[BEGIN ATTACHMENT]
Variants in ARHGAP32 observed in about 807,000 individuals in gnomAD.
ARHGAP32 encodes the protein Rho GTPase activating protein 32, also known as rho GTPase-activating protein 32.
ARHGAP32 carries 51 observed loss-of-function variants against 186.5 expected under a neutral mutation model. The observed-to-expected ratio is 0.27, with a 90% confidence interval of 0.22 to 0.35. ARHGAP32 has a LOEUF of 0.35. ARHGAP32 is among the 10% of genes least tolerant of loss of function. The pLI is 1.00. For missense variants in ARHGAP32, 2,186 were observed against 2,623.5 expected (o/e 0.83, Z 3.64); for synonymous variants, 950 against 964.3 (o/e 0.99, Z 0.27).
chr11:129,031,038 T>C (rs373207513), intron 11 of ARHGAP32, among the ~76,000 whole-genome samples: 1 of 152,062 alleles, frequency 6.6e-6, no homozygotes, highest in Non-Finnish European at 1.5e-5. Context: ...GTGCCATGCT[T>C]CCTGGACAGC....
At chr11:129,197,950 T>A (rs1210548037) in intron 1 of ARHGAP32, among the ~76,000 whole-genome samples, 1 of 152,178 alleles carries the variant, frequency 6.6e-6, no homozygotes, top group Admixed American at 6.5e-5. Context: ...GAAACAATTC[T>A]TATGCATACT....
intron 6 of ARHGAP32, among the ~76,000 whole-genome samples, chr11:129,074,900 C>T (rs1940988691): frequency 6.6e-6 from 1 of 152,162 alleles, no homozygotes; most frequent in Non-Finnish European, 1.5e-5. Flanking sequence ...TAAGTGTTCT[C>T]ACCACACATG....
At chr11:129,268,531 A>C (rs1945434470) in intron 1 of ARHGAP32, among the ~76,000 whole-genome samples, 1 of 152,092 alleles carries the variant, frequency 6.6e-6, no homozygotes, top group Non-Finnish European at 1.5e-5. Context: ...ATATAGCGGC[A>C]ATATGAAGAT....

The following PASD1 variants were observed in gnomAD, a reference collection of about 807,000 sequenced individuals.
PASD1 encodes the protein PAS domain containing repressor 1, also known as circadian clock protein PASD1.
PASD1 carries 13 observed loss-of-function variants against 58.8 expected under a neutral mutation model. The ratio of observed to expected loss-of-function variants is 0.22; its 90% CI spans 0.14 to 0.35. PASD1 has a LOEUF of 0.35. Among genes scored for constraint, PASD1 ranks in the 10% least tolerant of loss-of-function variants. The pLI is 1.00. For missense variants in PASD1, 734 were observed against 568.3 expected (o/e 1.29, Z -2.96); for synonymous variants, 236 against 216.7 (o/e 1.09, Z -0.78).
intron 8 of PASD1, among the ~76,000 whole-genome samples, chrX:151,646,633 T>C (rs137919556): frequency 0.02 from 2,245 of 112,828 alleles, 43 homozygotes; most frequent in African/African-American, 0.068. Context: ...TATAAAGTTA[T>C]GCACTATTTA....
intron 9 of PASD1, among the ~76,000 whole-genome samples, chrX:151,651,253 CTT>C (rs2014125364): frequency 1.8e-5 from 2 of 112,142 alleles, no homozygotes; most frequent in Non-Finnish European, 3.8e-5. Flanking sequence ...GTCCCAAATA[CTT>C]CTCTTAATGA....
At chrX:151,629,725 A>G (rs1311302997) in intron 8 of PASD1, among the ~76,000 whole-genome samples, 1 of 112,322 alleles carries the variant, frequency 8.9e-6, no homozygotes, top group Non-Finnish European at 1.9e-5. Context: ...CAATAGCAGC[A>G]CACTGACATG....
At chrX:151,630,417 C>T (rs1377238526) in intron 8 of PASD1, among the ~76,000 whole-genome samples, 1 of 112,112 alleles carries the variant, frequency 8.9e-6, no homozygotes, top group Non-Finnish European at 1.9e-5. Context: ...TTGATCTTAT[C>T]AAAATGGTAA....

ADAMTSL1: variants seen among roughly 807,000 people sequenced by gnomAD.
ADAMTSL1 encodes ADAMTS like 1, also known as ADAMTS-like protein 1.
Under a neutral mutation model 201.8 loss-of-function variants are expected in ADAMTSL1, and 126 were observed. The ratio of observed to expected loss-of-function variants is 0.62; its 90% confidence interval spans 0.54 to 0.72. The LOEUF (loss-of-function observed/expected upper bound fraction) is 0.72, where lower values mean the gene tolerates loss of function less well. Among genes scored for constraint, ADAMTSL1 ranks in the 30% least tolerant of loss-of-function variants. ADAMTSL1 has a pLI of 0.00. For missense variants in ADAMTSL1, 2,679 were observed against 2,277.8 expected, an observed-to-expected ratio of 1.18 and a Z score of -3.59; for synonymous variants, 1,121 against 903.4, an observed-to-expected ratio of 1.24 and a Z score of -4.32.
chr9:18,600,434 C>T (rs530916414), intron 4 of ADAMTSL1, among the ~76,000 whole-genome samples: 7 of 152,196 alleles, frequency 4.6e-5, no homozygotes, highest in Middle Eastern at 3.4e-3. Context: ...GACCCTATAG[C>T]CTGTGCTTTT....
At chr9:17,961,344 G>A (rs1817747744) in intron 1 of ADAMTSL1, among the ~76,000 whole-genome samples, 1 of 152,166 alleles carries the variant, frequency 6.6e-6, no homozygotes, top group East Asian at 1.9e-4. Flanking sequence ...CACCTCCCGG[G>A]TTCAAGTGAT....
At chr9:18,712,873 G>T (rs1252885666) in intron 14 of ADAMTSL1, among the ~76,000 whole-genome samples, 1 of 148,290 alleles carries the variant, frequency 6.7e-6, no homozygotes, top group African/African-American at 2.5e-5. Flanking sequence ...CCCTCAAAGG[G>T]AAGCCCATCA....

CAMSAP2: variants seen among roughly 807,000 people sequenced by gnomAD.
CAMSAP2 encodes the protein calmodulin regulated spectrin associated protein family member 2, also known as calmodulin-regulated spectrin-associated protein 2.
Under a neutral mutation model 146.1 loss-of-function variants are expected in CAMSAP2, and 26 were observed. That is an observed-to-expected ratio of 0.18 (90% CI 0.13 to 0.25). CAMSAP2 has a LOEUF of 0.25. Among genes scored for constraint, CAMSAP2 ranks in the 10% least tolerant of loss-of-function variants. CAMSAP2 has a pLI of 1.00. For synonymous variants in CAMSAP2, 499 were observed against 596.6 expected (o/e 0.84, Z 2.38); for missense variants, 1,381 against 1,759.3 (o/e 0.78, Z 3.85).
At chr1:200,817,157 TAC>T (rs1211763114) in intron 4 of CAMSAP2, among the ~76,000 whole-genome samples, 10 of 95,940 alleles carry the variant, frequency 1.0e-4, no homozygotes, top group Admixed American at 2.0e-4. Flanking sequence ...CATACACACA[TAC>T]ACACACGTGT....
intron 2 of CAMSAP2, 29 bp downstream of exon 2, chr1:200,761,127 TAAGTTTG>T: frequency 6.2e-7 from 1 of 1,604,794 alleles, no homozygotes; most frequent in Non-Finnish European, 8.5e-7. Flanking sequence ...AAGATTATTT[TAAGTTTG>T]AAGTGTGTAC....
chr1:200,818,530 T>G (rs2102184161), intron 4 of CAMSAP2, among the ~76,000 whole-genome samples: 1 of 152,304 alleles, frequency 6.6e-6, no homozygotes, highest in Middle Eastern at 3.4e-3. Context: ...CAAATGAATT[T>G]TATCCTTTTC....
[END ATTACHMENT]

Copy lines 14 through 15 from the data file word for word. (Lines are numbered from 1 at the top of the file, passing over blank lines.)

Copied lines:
At chrX:151,630,417 C>T (rs1377238526) in intron 8 of PASD1, among the ~76,000 whole-genome samples, 1 of 112,112 alleles carries the variant, frequency 8.9e-6, no homozygotes, top group Non-Finnish European at 1.9e-5. Context: ...TTGATCTTAT[C>T]AAAATGGTAA....

ADAMTSL1: variants seen among roughly 807,000 people sequenced by gnomAD.